Minimum Spanning Tree

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 Minimum Spanning Tree
Written by Mike James
Monday, 04 January 2010
Article Index
Minimum Spanning Tree
Prim's algorithm
Implementing Prim's algorithm

How do you find a minimum spanning tree given a network? It turns out that there are two general algorithms – Prim's and Kruskal's. Of the two Prim's is the easier to implement and to understand, so it makes a very good starting place to understand any graph algorithm. It is also an excellent example of a "greedy" algorithm, i.e one that always takes the best option at each step, that actually works!

## Prim's algorithm

This algorithm was developed in 1930 by Czech mathematician Vojtěch Jarník and independently in 1957 by computer scientist Robert C. Prim and was rediscovered by Edsger Dijkstra in 1959:

0) Place all of the vertices in an "excluded" set and initialise an "included" set to be empty.
1) Select any vertex as the starting vertex of the tree. Place this vertex in the "included" set.
2) Find a vertex which is closest to any vertex in the "included" set. If there is more than one such vertex select one at random.
3) Repeat 1 and 2 until all of the vertices are in the included set and the excluded set is empty.

The result is a minimum spanning tree – as long as you remember to store which path between which pair of nodes was the shortest distance at each step!

## Making it work

The above may seem simple but there are some interesting problems in implementing any graph algorithm using C#.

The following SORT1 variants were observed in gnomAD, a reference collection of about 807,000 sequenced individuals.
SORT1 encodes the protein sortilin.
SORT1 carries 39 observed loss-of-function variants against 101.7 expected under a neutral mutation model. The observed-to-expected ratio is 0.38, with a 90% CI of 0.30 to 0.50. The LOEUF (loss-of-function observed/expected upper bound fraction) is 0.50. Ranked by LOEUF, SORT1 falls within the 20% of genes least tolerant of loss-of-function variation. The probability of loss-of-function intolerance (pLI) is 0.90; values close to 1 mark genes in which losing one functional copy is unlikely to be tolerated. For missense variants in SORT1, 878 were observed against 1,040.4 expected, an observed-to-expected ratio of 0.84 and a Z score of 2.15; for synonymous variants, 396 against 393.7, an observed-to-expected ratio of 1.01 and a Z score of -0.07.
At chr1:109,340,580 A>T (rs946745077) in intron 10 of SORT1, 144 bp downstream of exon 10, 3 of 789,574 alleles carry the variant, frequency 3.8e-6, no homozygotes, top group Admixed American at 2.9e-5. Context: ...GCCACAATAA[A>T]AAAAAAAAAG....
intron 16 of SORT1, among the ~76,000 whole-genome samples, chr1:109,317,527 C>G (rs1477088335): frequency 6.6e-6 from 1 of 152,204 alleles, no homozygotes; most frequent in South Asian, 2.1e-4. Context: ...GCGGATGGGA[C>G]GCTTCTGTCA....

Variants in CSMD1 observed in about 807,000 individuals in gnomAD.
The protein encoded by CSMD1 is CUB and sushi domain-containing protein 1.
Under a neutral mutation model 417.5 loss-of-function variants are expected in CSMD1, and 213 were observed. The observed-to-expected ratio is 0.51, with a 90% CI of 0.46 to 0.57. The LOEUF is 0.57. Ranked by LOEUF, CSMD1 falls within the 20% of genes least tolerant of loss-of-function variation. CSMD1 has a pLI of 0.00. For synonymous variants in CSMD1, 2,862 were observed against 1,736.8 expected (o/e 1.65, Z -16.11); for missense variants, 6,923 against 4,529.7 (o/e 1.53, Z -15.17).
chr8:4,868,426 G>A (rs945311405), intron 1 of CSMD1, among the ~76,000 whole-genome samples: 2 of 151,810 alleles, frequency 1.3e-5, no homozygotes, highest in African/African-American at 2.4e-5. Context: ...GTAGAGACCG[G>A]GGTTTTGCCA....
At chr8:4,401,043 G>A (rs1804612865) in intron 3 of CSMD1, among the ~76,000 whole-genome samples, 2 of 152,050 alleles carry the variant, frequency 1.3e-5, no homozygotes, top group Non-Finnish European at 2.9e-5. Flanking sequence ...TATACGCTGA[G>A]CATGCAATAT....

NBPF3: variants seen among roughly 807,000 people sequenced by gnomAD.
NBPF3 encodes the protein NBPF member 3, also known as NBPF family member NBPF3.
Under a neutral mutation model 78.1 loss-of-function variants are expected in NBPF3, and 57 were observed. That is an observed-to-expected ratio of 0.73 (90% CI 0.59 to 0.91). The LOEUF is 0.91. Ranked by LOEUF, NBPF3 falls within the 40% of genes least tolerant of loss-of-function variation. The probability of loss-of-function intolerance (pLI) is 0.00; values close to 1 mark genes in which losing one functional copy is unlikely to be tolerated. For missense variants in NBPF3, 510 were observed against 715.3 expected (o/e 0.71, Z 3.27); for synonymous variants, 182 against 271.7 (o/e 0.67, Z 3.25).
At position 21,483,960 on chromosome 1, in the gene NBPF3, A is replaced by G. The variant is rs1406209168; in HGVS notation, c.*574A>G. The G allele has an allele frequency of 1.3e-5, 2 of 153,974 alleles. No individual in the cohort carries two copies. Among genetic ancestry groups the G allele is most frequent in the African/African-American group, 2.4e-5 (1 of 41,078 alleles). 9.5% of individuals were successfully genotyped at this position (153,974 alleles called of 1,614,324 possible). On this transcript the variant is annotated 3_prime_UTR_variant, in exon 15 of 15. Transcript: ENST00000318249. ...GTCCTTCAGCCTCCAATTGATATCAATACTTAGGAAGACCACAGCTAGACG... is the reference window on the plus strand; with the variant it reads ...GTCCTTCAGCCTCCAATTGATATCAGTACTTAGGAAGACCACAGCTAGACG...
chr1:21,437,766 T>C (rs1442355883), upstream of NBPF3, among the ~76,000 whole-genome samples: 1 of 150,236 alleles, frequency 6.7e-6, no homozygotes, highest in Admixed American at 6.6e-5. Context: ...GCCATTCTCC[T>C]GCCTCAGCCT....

The first is how are we to represent a graph or network. The simplest solution is to use a two-dimensional array to record the distance between each node. For example:

` Network[a,b];`

would be used to store the distance between vertex a and vertex b. Notice that this matrix is symmetric and the diagonal is zero because the distance between "a" and "a" is zero.

The next problem is how to generate a network to try the algorithm out on?

In a real world problem the network would be entered as data to the array but it is a common requirement to generate valid examples of any data structure that a program is working with.

In this case the problem isn't difficult in that all we have to do is generate a set of random numbers between particular limits and make sure that the array is symmetrical and has a zero diagonal. This would produce a fully connected network which is difficult to represent graphically. To produce something that had fewer connections per vertex it would be necessary to set to zero entries picked at random.